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July 22, 2020

Healthcare Heroes Find a Window

Imagine being stuck in a windowless room for 32 days unable to breathe comfortably. Now imagine you’re unable to see your family at all.

That’s the situation one AnMed Health COVID-19 patient found himself. As of April 28, Richard Frady had been in the AnMed Health ICU for 32 days, and during that time there was more than one instance that he was unsure if he was going to survive.

“He absolutely adores his family,” said Kimmie Chew, the AnMed Health ICU nurse who recalled how often the patient would speak fondly of spending time with his family, including his wife of 47 years.

AnMed Health ICU nurse Kimmie Chew

“We would call his wife for him so he could FaceTime with her on a hospital iPad, but the virtual visits were never very long, and afterward you could tell he missed his family so much.”

It was touch and go for several weeks, but then the patient turned the corner and started getting better. That’s when it all clicked in Chew’s head. “What if we helped the patient see his family? I realized that if we put him in a room with a window and [the patient] could stand at that window, his family could wave to him from the parking lot below,” said Chew.

But for the patient to stand at the window, he would need special equipment, according to Chew. “Anyone who’s been mechanically ventilated for several days in the ICU is at risk of ICU-acquired weakness,” said Chew.

That’s when the Sara Combilizer, which is a combined tilt table and stretcher chair, came into play. A Sara Combilizer allows ICU patients who have been mechanically vented for several days to sit and stand up even when they are not strong enough to do so on their own.

It’s also when Chew told fellow ICU nurse Lora Nix about her idea to help this family be able to see each other for the first time in over a month (even though it was only through a hospital window).

Once Chew shared her idea with Nix, the two worked together to plan how to make the family reunion happen.

“We decorated the room with balloons and put decorations on the hospital windows,” said Chew. “As things developed we came up with more and more ideas about how to make it special.”

AnMed Health ICU nurse Lora Nix

Eventually, they created signs for the patient to display in the window that the family could see from the parking lot below. They also decorated his hospital windows. His family created signs to hold up so the patient could see them from his hospital room.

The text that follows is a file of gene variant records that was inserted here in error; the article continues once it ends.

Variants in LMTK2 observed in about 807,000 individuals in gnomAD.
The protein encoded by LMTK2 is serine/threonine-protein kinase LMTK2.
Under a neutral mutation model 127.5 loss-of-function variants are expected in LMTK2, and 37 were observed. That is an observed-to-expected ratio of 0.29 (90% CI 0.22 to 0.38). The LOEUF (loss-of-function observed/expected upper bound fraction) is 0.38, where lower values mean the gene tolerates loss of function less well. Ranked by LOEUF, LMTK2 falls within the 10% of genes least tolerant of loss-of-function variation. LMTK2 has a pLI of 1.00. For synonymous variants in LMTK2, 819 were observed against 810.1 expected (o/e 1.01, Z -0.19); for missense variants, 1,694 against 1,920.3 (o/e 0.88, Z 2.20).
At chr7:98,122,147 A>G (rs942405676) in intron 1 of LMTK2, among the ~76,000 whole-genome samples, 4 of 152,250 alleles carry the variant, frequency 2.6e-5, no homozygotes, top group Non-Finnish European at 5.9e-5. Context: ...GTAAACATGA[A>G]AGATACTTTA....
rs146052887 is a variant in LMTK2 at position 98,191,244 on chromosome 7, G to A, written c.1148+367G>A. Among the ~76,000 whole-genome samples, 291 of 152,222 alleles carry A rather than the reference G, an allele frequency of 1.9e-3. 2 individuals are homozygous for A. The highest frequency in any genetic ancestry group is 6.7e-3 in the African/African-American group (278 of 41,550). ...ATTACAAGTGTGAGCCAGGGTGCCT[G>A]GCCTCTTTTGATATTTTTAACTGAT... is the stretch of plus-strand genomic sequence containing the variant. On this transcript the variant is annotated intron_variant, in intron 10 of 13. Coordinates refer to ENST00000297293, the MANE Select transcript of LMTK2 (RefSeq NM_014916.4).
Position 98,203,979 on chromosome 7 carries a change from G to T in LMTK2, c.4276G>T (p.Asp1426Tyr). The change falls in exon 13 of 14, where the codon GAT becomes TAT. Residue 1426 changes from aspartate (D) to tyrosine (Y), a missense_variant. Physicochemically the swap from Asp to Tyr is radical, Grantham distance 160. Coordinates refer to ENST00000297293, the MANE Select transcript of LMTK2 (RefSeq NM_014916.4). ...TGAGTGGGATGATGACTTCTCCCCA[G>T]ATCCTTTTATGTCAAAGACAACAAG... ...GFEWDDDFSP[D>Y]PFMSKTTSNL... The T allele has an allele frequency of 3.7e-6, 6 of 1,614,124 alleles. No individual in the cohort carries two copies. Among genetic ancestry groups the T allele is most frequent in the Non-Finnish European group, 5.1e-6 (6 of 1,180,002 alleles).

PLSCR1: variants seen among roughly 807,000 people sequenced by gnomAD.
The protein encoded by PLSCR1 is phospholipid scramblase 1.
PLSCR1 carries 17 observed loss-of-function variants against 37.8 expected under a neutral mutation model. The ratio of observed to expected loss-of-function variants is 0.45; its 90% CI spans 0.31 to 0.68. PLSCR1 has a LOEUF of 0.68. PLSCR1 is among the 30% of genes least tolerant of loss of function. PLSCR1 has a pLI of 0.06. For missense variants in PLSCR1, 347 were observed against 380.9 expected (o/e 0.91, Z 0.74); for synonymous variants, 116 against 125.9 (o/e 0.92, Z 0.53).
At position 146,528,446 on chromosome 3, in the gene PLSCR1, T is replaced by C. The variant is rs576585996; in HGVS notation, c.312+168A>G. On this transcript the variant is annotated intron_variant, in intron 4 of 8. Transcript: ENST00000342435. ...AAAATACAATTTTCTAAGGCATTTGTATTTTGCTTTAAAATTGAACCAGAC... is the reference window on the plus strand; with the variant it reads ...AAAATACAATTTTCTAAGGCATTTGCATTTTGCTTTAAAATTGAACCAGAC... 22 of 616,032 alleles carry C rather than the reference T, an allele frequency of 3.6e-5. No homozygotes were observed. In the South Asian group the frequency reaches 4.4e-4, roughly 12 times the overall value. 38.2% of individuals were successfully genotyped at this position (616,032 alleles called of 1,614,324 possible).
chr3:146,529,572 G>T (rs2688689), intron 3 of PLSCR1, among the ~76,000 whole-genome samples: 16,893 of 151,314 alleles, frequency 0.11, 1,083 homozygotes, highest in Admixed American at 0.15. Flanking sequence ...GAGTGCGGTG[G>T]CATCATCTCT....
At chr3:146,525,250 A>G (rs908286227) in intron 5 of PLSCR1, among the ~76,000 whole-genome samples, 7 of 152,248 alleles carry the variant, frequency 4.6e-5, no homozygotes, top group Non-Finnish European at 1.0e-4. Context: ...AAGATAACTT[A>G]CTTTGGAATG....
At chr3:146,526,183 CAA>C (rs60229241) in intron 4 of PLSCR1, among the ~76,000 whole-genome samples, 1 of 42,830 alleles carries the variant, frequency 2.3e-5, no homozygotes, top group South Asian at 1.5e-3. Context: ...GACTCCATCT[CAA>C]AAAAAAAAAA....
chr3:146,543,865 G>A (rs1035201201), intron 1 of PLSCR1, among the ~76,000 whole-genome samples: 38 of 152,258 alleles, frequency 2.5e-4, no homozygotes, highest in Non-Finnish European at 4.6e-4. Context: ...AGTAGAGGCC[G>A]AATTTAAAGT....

Even though the patient was very weak (he was only able to spend about two minutes standing at the window of his room), he was very grateful that he was able to see his family.

“The first thing he said after the visit was over was that he couldn’t believe [Nix and I] were able to do such a lovely thing for him and his family,” said Chew.

“The entire episode lifted his spirits and gave him hope. He couldn’t even sleep beforehand because he was so excited to see his family,” she said.

Chew, who has been a nurse at AnMed Health for the past four years, began her Clemson nurse practitioner program on May 14. She was surprised by all the media coverage AnMed Health received.

“What we did wasn’t about good PR for the hospital,” said Chew. “It was about helping a patient who couldn’t talk without getting winded. It was about helping a patient stand up for the first time in over a month.”

According to Jay Wright, Director of Nursing for Cardiovascular and Critical Care Services, both Chew and Nix are exceptional nurses. “They really went above and beyond the typical standard of care,” said Wright.

“They did something very special, which was to connect a patient with his family in a very meaningful way,” he said.

Chief Nursing Officer Shaunda Trotter echoed Wright’s sentiments. “Both Chew and Nix really rose to the occasion. I can’t imagine the positive impact they made on this patient and his family. I’m sure the memories will last a lifetime,” said Trotter.

“Both Chew and Nix displayed great care in their nursing and made me feel so blessed to work with such an amazing group of nurses! I am so blessed to work with nurses like Chew and Nix!” said Trotter.

“We’re in this together” is not just a slogan. At AnMed Health, it’s a guiding principle for how we care for our patients, our community and each other,” Trotter said.

On May 8, Frady was transported to AnMed Health Rehab Hospital, and on May 30 he went home. In a text on June 15, his daughter said he was doing great. She has praised and thanked the AnMed Health staff for nursing her dad back to good health.


AnMed Health is a dynamic, comprehensive health system in Anderson, S.C. For more than 100 years, AnMed Health has provided health care for residents of eight counties in upstate South Carolina and northeast Georgia. AnMed Health’s medical staff includes more than 400 physicians, and with over 3,600 employees, AnMed Health is Anderson County’s largest employer.